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City wants Wal-Mart to fix drainage problem

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MARCIA A. NELESEN
May 9, 2008
— The city is retaining a $54,000 bond posted by Wal-Mart until the retailer corrects a drainage problem southeast of its Supercenter store.

The bond is money posted by Wal-Mart to guarantee that the retailer does the work according to plans, Price said. The city will use the money to do the work itself if Wal-Mart doesn’t.


The area is holding water longer than the intended 72 hours, said Gale Price, building and development services manager.


“Although it is working as they designed it, it’s not working as it was intended,” Price said. “We don’t want any of the area to have standing water.”


At least one neighbor has called the city to complain, and Price said the concern is understandable.


“It was supposed to be just a damp area, not necessarily a water-holding area, “ he said.


Price is meeting with Wal-Mart store representatives today on other complaints forwarded by the neighbor, including trash in the drainage area. The store is responsible for keeping that area clean.


Store management has changed, and Price said he wants to make sure the requirements outlined in the conditional-use permit are understood by the new management team.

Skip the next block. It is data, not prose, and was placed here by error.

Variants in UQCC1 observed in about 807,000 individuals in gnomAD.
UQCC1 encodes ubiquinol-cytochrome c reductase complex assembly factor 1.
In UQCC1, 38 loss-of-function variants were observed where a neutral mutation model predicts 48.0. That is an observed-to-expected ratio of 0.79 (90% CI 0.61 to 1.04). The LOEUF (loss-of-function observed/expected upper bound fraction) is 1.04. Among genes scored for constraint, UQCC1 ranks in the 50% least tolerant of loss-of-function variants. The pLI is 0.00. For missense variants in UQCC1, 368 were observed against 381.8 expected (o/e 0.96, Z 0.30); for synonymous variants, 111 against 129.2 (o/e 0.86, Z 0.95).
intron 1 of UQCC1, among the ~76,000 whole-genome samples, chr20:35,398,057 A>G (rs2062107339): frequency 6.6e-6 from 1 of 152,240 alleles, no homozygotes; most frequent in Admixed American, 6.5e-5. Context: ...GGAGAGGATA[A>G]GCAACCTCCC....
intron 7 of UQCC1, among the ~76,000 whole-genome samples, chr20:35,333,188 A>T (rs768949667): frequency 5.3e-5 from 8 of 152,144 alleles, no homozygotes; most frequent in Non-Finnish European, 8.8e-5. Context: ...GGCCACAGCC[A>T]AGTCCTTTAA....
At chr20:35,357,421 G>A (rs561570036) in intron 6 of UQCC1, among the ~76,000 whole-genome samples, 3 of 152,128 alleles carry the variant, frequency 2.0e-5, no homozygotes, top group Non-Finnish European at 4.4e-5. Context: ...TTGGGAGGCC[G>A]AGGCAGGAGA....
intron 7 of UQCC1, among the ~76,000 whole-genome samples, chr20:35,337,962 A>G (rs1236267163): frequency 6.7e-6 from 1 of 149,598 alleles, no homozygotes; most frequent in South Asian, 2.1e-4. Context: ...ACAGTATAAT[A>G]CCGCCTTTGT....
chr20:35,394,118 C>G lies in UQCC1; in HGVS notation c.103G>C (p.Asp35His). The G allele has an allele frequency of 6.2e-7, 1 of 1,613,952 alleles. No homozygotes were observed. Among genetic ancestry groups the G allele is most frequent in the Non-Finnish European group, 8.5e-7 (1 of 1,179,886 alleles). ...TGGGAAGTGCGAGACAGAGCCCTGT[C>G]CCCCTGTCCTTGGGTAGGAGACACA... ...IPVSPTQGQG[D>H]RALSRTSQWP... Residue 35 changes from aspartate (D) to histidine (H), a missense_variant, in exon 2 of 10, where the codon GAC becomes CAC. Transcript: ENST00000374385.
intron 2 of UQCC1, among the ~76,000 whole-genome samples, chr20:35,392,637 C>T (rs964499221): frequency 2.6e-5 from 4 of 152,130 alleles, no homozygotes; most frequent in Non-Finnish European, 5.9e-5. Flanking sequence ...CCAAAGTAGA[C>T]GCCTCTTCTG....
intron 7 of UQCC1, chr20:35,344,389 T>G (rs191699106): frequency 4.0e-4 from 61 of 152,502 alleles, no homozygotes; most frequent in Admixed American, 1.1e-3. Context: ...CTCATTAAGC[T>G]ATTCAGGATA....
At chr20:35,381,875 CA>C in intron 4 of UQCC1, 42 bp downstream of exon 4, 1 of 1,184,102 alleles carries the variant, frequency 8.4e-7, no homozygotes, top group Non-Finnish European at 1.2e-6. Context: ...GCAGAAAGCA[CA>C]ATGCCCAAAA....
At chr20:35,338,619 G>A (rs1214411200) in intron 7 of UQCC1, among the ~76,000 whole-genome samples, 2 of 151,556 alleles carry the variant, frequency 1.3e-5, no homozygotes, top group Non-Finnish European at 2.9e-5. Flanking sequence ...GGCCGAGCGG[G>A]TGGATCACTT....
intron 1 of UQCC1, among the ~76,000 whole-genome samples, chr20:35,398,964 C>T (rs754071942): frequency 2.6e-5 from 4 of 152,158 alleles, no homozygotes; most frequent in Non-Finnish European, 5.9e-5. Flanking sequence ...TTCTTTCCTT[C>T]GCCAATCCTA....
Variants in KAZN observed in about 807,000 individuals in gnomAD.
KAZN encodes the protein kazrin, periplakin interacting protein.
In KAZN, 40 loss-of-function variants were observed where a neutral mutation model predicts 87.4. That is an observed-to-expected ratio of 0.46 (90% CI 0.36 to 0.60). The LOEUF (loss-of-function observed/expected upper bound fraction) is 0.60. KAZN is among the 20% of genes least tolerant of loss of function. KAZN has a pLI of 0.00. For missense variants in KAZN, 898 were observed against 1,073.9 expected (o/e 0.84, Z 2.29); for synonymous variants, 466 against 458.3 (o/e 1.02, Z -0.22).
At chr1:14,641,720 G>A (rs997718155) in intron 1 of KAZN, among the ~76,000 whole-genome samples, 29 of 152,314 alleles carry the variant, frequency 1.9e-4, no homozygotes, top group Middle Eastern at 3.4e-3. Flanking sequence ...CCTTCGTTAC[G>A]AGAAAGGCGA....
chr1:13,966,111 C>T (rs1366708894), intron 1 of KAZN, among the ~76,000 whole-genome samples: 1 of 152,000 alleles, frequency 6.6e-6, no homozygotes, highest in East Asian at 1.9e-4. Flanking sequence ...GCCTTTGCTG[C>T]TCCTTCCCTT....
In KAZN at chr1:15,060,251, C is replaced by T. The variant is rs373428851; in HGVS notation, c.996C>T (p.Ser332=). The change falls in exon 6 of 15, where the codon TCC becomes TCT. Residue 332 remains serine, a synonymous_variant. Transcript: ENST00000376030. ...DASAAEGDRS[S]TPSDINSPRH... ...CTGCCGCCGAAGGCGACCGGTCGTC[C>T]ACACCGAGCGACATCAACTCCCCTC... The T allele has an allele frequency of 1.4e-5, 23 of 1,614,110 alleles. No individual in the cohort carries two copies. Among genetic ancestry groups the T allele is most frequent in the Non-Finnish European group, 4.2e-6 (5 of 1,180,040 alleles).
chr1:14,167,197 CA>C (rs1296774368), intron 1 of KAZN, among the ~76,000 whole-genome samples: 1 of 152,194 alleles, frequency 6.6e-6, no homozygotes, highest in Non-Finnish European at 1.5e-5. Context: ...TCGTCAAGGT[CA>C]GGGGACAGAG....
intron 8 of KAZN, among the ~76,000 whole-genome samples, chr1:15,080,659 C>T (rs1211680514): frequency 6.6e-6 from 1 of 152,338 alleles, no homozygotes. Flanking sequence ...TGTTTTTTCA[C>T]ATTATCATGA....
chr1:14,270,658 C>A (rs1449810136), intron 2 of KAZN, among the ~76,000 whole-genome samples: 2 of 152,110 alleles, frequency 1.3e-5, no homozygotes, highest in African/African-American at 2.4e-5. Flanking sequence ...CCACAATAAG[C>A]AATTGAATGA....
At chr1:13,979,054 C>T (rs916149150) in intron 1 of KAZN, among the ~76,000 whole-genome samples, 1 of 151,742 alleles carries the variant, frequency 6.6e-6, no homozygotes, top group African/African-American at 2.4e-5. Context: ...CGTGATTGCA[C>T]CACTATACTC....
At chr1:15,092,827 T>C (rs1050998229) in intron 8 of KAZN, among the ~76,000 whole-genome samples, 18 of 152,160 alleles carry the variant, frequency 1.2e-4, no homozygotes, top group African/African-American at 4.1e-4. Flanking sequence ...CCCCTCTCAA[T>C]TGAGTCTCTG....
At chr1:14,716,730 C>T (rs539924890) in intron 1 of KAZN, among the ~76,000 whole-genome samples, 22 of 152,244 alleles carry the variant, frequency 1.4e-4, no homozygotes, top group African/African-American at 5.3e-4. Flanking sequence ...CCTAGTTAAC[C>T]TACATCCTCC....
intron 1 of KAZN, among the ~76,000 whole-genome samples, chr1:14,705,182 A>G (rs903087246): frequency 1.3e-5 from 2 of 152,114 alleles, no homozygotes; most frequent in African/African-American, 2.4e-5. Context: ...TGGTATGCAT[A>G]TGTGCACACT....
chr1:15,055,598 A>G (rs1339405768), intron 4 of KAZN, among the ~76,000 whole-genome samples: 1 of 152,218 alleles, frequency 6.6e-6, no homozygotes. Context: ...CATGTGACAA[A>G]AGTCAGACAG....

Price will ask store management to remove empty trailers left in the back of the store and not in the dock, for example.


In many other places, Wal-Mart stores leave empty trailers sit until they are changed out with the next trailer.


The neighbor also talked about the loss of the tree line in back of Amhurst Road. Those trees and shrubs were removed to create the drainage area.


Price said he will ask Wal-Mart representatives to replace three evergreen trees that have died, but he doubts they will do more. The retailer significantly changed plans in early 2006 and added more trees when the residents along Amhurst Road were shocked how the loss of the trees opened their view to the commercial property behind their homes.


But it’s not possible at this time to require Wal-Mart to plant more, Price said.


The trees were removed when the property was graded and the outlet pipes laid.


In addition, a 50-foot-wide easement owned by ANR Pipeline complicated the design of the drainage area and the installation of the storm water pipes. The easement also must remain tree free.


The easement has existed since 1979, and Price figures that about one-third of the former tree line would have been removed in the future to accommodate the pipeline.


The city had offered residents a chance to buy trees at city costs and plant them on their properties, Price said.



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